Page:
BOOT CAMP 293 (23/09/03)


Paranoia part 1


An unusually large response to a reader’s query about PC privacy a few weeks ago reminded me that it has been three years since we first looked at this touchy subject and that there is now a whole new generation of PC users, completely unaware that their computers are spying on them.


As you know web browsers like Internet Explorer routinely log details of the web sites you’ve visited and the information is clearly shown in browser ‘History’ and if you care to look, in the Temporary Internet Files folder, which stores images downloaded from web sites. You may also know that these files can be purged, but what you may not realise is that details of every web site you have ever visited, possibly since the day you first switched on your computer, is stored in a number of hidden files that cannot be accessed, viewed or deleted by any conventional means.


Microsoft has gone to quite extraordinary lengths to hide and protect these files resulting in numerous conspiracy theories, including one widely held belief they were put there at the behest of the FBI. Microsoft has yet to provide a wholly convincing explanation for their inclusion in Windows but whatever their real purpose the fact remains that these files exist and they pose a very serious threat to your privacy.


The files that we know about – and there are suggestions that there may be others -- go under the name ‘index.dat’. There are three instances in Windows 98, SE and ME and they can be found in the Registry and in C:\WINDOWS\Temporary Internet Files\Content.IE5 and C:\WINDOWS\Cookies. In Windows XP there are even more of them but the ones that concern us are in the Cookies and UserData folders in C:\Documents and Settings\<yourname> and C:\Documents and Settings\Administrator folders.


In addition to storing previously visited web addresses – which is bad enough -- they also contain details of the cookies on your PC, plus information about ‘dynamic’ web pages that are not supposed to be stored on your PC and there is speculation that this data could be used to retrieve passwords.


You might be thinking that all this talk of spying and conspiracy theories is a tad dramatic, but see for yourself. First go to the Tools menu in Internet Explorer, select Internet Options and on the General tab click the Delete Files, Delete Cookies and Clear History buttons (assuming that you don’t want to keep this information), and by rights all traces of your recent web activities should have been erased.


In fact these actions have no effect on the index.dat files and you can get a partial view of what’s inside by opening them in Word or Excel but for the full story you need to download a viewer utility. Try WinSpy at:, it’s freeware and works with most versions of Windows and most browsers.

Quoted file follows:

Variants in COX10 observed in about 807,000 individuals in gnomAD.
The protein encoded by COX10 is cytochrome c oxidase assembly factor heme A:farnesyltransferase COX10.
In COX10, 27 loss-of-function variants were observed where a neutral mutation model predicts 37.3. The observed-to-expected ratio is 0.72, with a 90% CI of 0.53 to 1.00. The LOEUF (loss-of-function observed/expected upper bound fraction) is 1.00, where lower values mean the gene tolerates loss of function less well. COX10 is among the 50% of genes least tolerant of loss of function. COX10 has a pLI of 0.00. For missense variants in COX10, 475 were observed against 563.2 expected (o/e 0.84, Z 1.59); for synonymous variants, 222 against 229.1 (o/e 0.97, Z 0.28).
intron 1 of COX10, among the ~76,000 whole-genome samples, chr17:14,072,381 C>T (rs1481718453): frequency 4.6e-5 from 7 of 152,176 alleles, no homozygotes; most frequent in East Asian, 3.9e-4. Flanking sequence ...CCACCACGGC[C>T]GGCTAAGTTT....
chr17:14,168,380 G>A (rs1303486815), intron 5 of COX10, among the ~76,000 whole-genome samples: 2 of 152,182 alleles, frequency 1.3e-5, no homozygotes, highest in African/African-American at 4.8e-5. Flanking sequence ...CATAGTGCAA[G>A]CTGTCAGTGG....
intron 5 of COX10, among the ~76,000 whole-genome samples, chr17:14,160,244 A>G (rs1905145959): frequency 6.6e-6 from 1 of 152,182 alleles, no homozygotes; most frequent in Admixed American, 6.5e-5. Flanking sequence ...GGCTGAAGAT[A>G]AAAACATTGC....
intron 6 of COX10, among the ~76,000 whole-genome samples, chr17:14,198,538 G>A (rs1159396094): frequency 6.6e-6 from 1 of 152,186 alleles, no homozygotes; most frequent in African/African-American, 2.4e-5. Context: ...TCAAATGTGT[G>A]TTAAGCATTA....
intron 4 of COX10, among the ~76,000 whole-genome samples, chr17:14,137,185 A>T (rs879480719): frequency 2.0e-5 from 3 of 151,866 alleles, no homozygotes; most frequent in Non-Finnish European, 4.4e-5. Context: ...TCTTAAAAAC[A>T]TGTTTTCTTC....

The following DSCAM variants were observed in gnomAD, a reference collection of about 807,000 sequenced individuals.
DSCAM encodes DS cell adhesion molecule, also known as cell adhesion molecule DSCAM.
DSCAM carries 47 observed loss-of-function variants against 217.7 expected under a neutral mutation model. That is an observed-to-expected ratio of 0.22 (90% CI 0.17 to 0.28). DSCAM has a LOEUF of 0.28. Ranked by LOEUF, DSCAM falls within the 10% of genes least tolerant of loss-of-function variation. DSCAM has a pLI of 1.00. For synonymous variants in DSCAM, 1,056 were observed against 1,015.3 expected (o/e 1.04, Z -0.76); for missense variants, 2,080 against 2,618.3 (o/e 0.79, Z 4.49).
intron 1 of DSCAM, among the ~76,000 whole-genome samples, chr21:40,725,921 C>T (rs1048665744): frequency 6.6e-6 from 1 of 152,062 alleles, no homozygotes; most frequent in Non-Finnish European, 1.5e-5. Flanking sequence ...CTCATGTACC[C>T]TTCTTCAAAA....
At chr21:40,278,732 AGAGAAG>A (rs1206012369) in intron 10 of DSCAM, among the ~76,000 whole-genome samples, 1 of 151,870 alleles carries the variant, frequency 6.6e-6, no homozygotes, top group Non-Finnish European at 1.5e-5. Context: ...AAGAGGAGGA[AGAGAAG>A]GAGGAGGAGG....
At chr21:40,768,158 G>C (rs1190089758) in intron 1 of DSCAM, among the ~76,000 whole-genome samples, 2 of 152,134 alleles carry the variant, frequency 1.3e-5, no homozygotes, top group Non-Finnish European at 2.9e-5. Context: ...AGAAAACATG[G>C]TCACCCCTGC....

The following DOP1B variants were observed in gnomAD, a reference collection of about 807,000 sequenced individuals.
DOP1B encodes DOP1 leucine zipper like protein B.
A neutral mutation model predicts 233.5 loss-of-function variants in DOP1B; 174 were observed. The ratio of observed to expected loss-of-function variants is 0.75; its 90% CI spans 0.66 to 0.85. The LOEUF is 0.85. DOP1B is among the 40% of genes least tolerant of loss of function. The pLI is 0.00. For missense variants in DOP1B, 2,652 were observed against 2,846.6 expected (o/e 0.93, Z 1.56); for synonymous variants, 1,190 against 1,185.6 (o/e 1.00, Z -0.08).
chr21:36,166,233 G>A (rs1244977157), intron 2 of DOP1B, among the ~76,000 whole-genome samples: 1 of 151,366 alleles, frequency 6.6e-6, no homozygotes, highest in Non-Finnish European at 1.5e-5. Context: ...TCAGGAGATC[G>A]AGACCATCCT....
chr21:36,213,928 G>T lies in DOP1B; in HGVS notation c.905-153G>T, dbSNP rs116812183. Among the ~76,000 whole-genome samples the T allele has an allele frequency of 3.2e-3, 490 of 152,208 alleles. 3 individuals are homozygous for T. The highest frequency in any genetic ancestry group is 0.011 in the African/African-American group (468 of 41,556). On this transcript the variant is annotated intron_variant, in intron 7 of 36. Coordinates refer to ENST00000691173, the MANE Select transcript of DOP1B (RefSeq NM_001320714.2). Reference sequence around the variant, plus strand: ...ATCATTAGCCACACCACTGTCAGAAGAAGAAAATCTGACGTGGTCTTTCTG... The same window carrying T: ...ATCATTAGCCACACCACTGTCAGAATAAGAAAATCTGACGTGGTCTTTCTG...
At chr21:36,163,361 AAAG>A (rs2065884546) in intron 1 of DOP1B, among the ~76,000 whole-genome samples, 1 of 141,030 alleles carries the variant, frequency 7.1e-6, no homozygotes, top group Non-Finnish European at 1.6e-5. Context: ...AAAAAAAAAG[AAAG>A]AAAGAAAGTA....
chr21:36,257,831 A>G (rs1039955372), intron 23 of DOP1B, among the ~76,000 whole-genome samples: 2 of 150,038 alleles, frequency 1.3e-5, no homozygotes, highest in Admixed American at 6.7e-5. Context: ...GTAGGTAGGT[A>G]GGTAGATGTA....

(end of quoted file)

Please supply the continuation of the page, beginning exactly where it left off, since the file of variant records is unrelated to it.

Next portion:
What it reveals will probably shock you. Even if you have never intentionally visited a porn site you may have unwittingly been directed to one and it will be shown, alongside all of the other sites you’ve ever accessed, including your bank or building society, on-line shops, Internet searches and probably every other web site you have ever looked at since day one.  This is not rocket science and anyone with suitable software, like WinSpy can see what you’ve been up to, even over a network.


The question is what can you do about it? Windows will not let you delete information stored in the index.dat files though in Windows 9x they can be erased in DOS mode using powerful delete commands (see Tip of the Week) but this method is not recommended for novices. The alternative is to run a specialised cleanup program that deletes the contents of these files when the PC is rebooted. There is no shortage of commercial software on the market and companies offering to do the work for you but for the past few years I’ve been recommending an excellent little freeware program called Spider. It’s getting a little long in the tooth now and it doesn’t work with Windows XP but it does the job, though it’s sometimes necessary to run it twice to clear the last dregs. Spider is available from: Freeware cleaners for XP are rather thin on the ground but I have been very impressed with CCleaner (Crap Cleaner) which also works with Windows 9x, and it can be found at



Next week – Paranoia part 2





Small text files stored on your PC by web sites you’ve visited, that can contain a wide range of data including personal details and preferences and information about web sites you have visited



Disc Operating System, a program that runs independently of Windows responsible for controlling disc drives, organising data and memory resources.



A large, constantly changing Windows System files containing details of how your PC is set up and configuration information for all the programs stored on the hard disc




If you are using Windows 95, 89, SE or ME and IE 5 or 6 and are familiar with DOS you might like to try this simple method of deleting the worst offending index.dat file on your PC. Go to the Start menu and click Shutdown > Restart in DOS Mode and then OK. (In Win ME use your Emergency Startup disc to get into DOS mode). At the DOS prompt very carefully type the following: ‘del c:\windows\tempor~1\content.ie5\index.dat’ (without the quotes)

then press Enter. You should now reboot your PC and Windows will automatically create a new and empty index.dat

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